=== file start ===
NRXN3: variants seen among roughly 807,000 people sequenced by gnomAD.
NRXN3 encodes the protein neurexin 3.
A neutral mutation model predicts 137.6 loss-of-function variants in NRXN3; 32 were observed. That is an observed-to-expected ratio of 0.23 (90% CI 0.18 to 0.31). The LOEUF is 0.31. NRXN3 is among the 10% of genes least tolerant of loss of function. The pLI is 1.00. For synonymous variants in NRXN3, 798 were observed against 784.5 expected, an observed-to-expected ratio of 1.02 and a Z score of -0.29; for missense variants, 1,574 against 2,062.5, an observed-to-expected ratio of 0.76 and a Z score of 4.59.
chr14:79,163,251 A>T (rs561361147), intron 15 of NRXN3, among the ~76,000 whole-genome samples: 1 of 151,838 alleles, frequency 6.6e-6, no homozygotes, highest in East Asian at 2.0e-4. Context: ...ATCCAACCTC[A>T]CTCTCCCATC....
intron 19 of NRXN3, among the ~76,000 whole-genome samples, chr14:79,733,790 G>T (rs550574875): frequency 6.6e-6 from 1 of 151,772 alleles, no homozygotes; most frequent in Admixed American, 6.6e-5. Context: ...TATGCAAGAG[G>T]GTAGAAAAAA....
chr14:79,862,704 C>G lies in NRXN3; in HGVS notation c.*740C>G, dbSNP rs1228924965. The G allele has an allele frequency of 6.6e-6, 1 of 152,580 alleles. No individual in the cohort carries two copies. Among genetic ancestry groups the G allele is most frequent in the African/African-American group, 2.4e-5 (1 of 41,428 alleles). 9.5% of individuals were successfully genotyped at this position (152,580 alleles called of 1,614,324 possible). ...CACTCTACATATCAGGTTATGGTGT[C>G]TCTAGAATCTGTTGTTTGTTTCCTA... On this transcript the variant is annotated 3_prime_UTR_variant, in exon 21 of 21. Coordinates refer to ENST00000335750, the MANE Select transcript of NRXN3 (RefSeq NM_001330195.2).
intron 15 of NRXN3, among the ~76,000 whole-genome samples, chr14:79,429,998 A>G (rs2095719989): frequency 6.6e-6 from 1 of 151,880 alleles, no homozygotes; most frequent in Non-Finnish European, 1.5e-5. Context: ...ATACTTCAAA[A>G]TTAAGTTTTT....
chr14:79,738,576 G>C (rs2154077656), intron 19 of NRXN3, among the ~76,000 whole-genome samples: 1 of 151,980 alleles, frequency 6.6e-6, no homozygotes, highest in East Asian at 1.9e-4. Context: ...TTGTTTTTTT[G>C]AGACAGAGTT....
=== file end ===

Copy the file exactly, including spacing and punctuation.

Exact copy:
NRXN3: variants seen among roughly 807,000 people sequenced by gnomAD.
NRXN3 encodes the protein neurexin 3.
A neutral mutation model predicts 137.6 loss-of-function variants in NRXN3; 32 were observed. That is an observed-to-expected ratio of 0.23 (90% CI 0.18 to 0.31). The LOEUF is 0.31. NRXN3 is among the 10% of genes least tolerant of loss of function. The pLI is 1.00. For synonymous variants in NRXN3, 798 were observed against 784.5 expected, an observed-to-expected ratio of 1.02 and a Z score of -0.29; for missense variants, 1,574 against 2,062.5, an observed-to-expected ratio of 0.76 and a Z score of 4.59.
chr14:79,163,251 A>T (rs561361147), intron 15 of NRXN3, among the ~76,000 whole-genome samples: 1 of 151,838 alleles, frequency 6.6e-6, no homozygotes, highest in East Asian at 2.0e-4. Context: ...ATCCAACCTC[A>T]CTCTCCCATC....
intron 19 of NRXN3, among the ~76,000 whole-genome samples, chr14:79,733,790 G>T (rs550574875): frequency 6.6e-6 from 1 of 151,772 alleles, no homozygotes; most frequent in Admixed American, 6.6e-5. Context: ...TATGCAAGAG[G>T]GTAGAAAAAA....
chr14:79,862,704 C>G lies in NRXN3; in HGVS notation c.*740C>G, dbSNP rs1228924965. The G allele has an allele frequency of 6.6e-6, 1 of 152,580 alleles. No individual in the cohort carries two copies. Among genetic ancestry groups the G allele is most frequent in the African/African-American group, 2.4e-5 (1 of 41,428 alleles). 9.5% of individuals were successfully genotyped at this position (152,580 alleles called of 1,614,324 possible). ...CACTCTACATATCAGGTTATGGTGT[C>G]TCTAGAATCTGTTGTTTGTTTCCTA... On this transcript the variant is annotated 3_prime_UTR_variant, in exon 21 of 21. Coordinates refer to ENST00000335750, the MANE Select transcript of NRXN3 (RefSeq NM_001330195.2).
intron 15 of NRXN3, among the ~76,000 whole-genome samples, chr14:79,429,998 A>G (rs2095719989): frequency 6.6e-6 from 1 of 151,880 alleles, no homozygotes; most frequent in Non-Finnish European, 1.5e-5. Context: ...ATACTTCAAA[A>G]TTAAGTTTTT....
chr14:79,738,576 G>C (rs2154077656), intron 19 of NRXN3, among the ~76,000 whole-genome samples: 1 of 151,980 alleles, frequency 6.6e-6, no homozygotes, highest in East Asian at 1.9e-4. Context: ...TTGTTTTTTT[G>C]AGACAGAGTT....